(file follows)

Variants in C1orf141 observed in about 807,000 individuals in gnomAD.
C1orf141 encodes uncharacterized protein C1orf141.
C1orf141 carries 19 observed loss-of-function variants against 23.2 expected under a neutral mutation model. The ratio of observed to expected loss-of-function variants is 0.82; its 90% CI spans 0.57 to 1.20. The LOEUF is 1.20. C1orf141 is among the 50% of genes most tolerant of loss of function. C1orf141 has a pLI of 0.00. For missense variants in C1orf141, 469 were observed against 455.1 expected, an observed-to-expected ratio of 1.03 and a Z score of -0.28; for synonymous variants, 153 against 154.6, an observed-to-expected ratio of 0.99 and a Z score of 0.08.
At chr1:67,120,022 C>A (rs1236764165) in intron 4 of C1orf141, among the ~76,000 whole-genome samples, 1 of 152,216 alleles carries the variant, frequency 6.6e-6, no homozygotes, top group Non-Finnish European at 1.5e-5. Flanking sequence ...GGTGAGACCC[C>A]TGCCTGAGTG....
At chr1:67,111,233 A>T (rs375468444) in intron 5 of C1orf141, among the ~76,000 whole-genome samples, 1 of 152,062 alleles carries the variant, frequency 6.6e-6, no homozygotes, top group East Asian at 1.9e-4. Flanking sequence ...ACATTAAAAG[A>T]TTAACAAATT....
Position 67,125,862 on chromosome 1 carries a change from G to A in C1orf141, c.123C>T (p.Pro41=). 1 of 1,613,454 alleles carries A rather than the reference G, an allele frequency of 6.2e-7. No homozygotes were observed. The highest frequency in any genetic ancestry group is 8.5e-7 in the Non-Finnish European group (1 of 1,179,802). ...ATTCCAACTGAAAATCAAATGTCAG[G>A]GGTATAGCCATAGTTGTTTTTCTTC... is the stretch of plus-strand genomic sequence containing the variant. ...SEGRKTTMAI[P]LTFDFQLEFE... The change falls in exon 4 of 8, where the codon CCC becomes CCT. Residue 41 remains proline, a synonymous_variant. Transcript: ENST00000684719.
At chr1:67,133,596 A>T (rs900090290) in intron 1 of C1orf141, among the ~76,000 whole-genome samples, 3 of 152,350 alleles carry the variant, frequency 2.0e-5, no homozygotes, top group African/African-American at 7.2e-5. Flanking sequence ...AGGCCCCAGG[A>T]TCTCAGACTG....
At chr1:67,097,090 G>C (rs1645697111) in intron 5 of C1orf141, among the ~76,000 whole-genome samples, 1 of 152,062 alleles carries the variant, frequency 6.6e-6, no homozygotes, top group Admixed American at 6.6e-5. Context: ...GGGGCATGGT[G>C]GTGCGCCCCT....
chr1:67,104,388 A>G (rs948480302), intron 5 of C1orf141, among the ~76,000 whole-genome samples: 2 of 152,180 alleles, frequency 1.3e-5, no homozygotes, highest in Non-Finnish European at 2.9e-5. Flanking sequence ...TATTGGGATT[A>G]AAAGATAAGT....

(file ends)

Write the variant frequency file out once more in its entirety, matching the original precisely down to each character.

Variants in C1orf141 observed in about 807,000 individuals in gnomAD.
C1orf141 encodes uncharacterized protein C1orf141.
C1orf141 carries 19 observed loss-of-function variants against 23.2 expected under a neutral mutation model. The ratio of observed to expected loss-of-function variants is 0.82; its 90% CI spans 0.57 to 1.20. The LOEUF is 1.20. C1orf141 is among the 50% of genes most tolerant of loss of function. C1orf141 has a pLI of 0.00. For missense variants in C1orf141, 469 were observed against 455.1 expected, an observed-to-expected ratio of 1.03 and a Z score of -0.28; for synonymous variants, 153 against 154.6, an observed-to-expected ratio of 0.99 and a Z score of 0.08.
At chr1:67,120,022 C>A (rs1236764165) in intron 4 of C1orf141, among the ~76,000 whole-genome samples, 1 of 152,216 alleles carries the variant, frequency 6.6e-6, no homozygotes, top group Non-Finnish European at 1.5e-5. Flanking sequence ...GGTGAGACCC[C>A]TGCCTGAGTG....
At chr1:67,111,233 A>T (rs375468444) in intron 5 of C1orf141, among the ~76,000 whole-genome samples, 1 of 152,062 alleles carries the variant, frequency 6.6e-6, no homozygotes, top group East Asian at 1.9e-4. Flanking sequence ...ACATTAAAAG[A>T]TTAACAAATT....
Position 67,125,862 on chromosome 1 carries a change from G to A in C1orf141, c.123C>T (p.Pro41=). 1 of 1,613,454 alleles carries A rather than the reference G, an allele frequency of 6.2e-7. No homozygotes were observed. The highest frequency in any genetic ancestry group is 8.5e-7 in the Non-Finnish European group (1 of 1,179,802). ...ATTCCAACTGAAAATCAAATGTCAG[G>A]GGTATAGCCATAGTTGTTTTTCTTC... is the stretch of plus-strand genomic sequence containing the variant. ...SEGRKTTMAI[P]LTFDFQLEFE... The change falls in exon 4 of 8, where the codon CCC becomes CCT. Residue 41 remains proline, a synonymous_variant. Transcript: ENST00000684719.
At chr1:67,133,596 A>T (rs900090290) in intron 1 of C1orf141, among the ~76,000 whole-genome samples, 3 of 152,350 alleles carry the variant, frequency 2.0e-5, no homozygotes, top group African/African-American at 7.2e-5. Flanking sequence ...AGGCCCCAGG[A>T]TCTCAGACTG....
At chr1:67,097,090 G>C (rs1645697111) in intron 5 of C1orf141, among the ~76,000 whole-genome samples, 1 of 152,062 alleles carries the variant, frequency 6.6e-6, no homozygotes, top group Admixed American at 6.6e-5. Context: ...GGGGCATGGT[G>C]GTGCGCCCCT....
chr1:67,104,388 A>G (rs948480302), intron 5 of C1orf141, among the ~76,000 whole-genome samples: 2 of 152,180 alleles, frequency 1.3e-5, no homozygotes, highest in Non-Finnish European at 2.9e-5. Flanking sequence ...TATTGGGATT[A>G]AAAGATAAGT....